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that 60s bass sound

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  • that 60s bass sound

    ive noticed a lot of the music i love has a really good bass sound, but it sounds nothing like the bass of tdays music.
    probably the best example i can think of is the bass on the bullit theme, low, warm and clear but bassy.
    any ideas what equipment they used for this kind of sound? im guessing its a pretty simple set up. something like a P bass into a standard cab?
    instagram.com/vinylhoard

  • #2
    There's some interesting detail on Carol Kaye here - she played bass on Bullitt, but perhaps not on the main theme. However, one of the things that stood out in that article was -- "In the ’60s, most session bassists played with flatwound strings and a pick (with James Jamerson, who always played with his index finger, being one of the key exceptions). Bass pickups had lower output back then, so the strings had to be plucked with authority, and roundwound strings tended to chew up a pick in short order."

    Yeah, I've only ever used flatwound strings on a fretless bass. Roundwounds are way more popular today. So, maybe that's one of the major differences in tone?

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    • #3
      wow she certanly played on a lot of things i like.
      She played on the Mission impossible soundtrack, so im guessing thats her on the portishead track that sampled it. which is what set me off in the direction of 60s soundtracks 20 years ago.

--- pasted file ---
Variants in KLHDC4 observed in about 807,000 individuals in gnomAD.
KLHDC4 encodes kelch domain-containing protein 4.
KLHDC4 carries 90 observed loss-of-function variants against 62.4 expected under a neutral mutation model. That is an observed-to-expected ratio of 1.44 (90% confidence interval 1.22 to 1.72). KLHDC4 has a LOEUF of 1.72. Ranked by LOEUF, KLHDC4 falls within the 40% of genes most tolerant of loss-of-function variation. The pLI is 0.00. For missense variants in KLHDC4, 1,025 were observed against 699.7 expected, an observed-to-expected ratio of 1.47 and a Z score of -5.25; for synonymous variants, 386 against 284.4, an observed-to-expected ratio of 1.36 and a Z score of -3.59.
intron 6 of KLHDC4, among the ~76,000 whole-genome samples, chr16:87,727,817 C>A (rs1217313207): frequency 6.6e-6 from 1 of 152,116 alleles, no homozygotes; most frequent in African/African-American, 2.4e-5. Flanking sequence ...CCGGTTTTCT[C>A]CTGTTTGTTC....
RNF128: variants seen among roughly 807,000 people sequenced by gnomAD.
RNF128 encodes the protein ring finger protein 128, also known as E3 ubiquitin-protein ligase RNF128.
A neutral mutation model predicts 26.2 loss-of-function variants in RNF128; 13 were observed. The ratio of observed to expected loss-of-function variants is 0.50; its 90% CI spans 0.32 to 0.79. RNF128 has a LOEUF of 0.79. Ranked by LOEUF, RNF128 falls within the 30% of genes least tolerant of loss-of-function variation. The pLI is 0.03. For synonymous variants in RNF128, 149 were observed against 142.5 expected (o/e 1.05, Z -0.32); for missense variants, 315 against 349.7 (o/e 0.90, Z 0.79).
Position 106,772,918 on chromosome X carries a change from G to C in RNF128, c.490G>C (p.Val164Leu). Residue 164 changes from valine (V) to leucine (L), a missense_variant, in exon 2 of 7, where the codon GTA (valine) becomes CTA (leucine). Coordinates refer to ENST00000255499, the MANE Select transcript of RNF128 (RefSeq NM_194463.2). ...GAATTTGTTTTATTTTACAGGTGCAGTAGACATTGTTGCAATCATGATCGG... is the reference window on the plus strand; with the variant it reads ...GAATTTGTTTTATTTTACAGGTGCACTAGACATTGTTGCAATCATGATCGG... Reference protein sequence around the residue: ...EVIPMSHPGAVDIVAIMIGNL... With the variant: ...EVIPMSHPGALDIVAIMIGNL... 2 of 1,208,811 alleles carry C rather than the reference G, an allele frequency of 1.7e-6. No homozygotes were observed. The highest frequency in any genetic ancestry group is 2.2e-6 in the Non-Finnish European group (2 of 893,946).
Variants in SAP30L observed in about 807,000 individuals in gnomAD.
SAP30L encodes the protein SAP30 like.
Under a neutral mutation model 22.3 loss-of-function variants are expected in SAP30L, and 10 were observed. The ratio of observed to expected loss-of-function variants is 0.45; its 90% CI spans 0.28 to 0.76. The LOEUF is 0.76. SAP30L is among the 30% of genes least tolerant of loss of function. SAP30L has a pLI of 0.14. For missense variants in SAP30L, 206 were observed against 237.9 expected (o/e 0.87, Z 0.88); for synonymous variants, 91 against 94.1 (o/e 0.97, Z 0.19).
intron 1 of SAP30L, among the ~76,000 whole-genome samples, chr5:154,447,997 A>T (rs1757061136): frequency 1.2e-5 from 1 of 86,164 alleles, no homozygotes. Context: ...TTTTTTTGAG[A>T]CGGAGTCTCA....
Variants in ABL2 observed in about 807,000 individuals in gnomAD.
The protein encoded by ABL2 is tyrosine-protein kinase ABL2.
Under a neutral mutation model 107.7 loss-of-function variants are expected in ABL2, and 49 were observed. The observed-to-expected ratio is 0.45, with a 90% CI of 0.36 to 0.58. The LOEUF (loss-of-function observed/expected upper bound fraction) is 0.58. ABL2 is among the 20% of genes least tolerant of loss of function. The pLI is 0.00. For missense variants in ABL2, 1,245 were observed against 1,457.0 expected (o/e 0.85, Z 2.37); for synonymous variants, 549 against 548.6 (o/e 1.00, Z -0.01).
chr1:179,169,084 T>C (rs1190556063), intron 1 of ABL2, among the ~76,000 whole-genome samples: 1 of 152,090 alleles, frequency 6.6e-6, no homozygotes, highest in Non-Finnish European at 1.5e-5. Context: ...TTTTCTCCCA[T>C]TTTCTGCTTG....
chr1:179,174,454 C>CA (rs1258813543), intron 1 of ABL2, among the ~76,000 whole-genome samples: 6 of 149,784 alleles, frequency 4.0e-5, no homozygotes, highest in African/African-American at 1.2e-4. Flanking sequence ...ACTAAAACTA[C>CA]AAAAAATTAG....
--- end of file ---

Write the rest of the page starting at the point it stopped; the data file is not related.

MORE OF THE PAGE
instagram.com/vinylhoard

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      • #4
        Ah, I love that sound.

        Yes, flatwound strings (heavy guage) with a pick. Little bit of foam under the bridge.

        Bass sounds today, like most other sounds, have gone to the dogs.

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        • #5
          It's everything. Instruments, mics, mic pre-amps, mixing desk, outboard FX, reel to reel recorders. Then there's all the mastering stuff and what sound was fashionable at the time.

          Ironically, symptoms of the weakness in fidelity of the period tech are desirable these days.

          One tip with bass - experiment with lower mid in the EQ range.

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          • #6
            Originally posted by Xann View Post
            It's everything. Instruments, mics, mic pre-amps, mixing desk, outboard FX, reel to reel recorders. Then there's all the mastering stuff and what sound was fashionable at the time.
            True in most cases, but Paul K is asking about a specific bass sound - and that sound is more about the strings and the playing technique rather than the bass, amp, all the other stuff it goes through.

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            • #7
              Originally posted by Sonovox View Post
              James Jamerson, who always played with his index finger, being one of the key exceptions
              There's also an interesting technique using the bone of the thumb, to get that Bullitt sound - there's an example of it about 29 seconds in on this...